The blank of the invention, utilized in the formation of the above-described scoops, comprises opposed front and rear wall panels aligned along a longitudinal axis of the blank with the panels having spaced facing lower or base edges with a rectangular bottom panel extending between the lower edges. Each lower edge of the front and rear wall panels includes a central extent and opposed edge extents. The bottom or bottom panel of the first mentioned embodiment includes a first pair of parallel longitudinally spaced end edges coextensive with the central extents of the front and rear wall panels and are integral therewith. This bottom panel further includes a second pair of side edges extending between the corresponding ends of the first pair of bottom panel edges to define a rectangular and preferably square configuration to the bottom panel. A laterally directed, triangular, combined glue and sealing flap is integral with the bottom panel along each of these second pair of side edges. The triangular flap includes a base edge coextensive with the corresponding side edge of the bottom panel and integral therewith along the full length thereof with a fold line defined therealong. The side flaps are each basically in the shape of an isosceles triangle with the outwardly converging sides thereof terminating in an apex generally aligned with the outer extremities of the lower edges of the front and rear wall panels centrally therebetween.
In order to facilitate forming of the desired substantially rectangular lower portion of the scoop, each of the front and rear panels is provided with a pair of laterally spaced fold lines extending partially therealong upward or inward from the lower edge thereof generally aligned with the fold lines defined between the bottom panel and opposed glue flaps integral therewith. The above-described fold lines constitute the only fold lines in the blank.
The blank utilized in forming the second embodiment of the scoop with the arced bottom panel differs from the first described blank only in that the first pair of bottom panel end edges are slightly arced, as is the central extent of the lower edges of the front and rear panels.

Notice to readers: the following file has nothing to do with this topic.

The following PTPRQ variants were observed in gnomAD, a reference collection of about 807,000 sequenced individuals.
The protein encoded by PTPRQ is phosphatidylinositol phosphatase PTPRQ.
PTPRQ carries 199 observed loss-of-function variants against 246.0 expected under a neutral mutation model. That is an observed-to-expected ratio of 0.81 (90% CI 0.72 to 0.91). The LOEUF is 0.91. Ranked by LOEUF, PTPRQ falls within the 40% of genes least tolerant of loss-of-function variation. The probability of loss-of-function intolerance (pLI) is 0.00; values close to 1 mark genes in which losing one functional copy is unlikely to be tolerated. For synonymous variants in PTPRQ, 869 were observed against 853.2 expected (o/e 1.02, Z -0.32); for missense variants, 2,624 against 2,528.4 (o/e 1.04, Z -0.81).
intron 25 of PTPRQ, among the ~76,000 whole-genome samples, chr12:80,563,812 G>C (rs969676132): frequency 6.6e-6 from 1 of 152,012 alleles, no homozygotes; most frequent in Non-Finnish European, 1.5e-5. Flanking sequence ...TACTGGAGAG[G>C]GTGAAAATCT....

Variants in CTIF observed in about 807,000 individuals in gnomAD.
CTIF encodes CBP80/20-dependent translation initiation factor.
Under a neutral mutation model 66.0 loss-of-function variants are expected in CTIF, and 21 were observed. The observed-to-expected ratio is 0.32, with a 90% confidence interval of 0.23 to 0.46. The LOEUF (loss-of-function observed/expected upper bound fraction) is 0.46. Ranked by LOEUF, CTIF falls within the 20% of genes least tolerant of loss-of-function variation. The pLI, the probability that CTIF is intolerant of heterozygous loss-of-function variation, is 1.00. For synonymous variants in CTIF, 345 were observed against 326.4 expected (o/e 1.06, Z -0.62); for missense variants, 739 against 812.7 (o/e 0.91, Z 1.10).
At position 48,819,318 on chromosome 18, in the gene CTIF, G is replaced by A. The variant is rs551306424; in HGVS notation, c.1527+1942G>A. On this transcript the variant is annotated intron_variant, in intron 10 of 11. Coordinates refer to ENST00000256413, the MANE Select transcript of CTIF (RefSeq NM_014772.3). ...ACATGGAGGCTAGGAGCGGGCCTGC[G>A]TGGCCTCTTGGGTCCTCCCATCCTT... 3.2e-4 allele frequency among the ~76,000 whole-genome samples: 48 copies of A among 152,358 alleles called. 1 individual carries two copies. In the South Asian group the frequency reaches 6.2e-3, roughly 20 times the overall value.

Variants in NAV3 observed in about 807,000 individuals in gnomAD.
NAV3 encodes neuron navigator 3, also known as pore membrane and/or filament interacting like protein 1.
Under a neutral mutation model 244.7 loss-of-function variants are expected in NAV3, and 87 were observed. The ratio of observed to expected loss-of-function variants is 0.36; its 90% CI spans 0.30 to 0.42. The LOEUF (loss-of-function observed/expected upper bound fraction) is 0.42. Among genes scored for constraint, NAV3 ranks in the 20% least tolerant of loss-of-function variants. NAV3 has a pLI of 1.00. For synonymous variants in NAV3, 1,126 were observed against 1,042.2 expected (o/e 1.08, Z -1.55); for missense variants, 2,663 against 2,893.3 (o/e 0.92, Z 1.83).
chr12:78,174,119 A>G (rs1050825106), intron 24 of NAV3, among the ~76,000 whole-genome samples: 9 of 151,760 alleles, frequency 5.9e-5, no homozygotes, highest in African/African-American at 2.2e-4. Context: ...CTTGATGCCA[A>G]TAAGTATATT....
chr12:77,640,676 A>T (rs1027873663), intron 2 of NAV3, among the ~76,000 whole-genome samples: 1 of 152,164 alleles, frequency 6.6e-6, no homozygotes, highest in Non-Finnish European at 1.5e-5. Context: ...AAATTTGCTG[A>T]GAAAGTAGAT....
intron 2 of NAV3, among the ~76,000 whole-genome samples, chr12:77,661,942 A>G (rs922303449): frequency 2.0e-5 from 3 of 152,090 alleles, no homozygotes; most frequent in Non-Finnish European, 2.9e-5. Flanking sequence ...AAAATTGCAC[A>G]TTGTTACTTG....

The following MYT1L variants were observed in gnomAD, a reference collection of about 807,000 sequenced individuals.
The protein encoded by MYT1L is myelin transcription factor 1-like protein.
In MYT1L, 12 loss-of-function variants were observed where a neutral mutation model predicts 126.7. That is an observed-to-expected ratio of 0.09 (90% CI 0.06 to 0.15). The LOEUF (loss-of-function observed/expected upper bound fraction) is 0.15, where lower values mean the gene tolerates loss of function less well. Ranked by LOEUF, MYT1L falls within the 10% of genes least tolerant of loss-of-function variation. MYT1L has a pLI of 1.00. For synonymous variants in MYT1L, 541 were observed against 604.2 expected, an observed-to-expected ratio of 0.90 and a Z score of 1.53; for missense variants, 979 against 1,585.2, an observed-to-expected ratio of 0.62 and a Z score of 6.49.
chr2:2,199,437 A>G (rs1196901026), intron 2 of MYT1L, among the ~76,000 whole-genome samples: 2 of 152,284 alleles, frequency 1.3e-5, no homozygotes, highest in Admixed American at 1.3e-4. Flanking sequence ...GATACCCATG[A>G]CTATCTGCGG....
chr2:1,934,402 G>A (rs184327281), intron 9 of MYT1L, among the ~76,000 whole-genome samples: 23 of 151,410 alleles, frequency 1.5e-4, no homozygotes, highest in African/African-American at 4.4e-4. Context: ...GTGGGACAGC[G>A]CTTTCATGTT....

It is significant to note that the side extents of each of the lower edges of the front and rear wall panels are straight or linear and angled, relative to the central extent, slightly downward and outward relative to the corresponding edge to engage along the full length thereof with the opposed side edges of the bottom panel immediately inward of the side glue flaps in the erected scoop.
Other feature and details of the scoop and blank comprising the invention will become apparent from the following more specific description of the invention.
FIG. 1 is a top perspective view of the scoop of the invention;
FIG. 2 is a bottom perspective view thereof;
FIG. 3 is a vertical cross-sectional view through the scoop taken substantially on a plane passing along line 3—3 in FIG. 1;
FIG. 4 is a plan view of the blank from which the scoop of FIG. 1 is folded;
FIG. 5 is a top perspective view of a modified form of the scoop;
FIG. 6 is a bottom perspective view of the modified form of scoop of FIG. 5;
FIG. 7 is a vertical cross-section view of the modified scoop taken substantially on a plane passing along line 7—7 in FIG. 6; and
FIG. 8 is a plan view of the blank from which the scoop of FIGS. 5-7 is formed.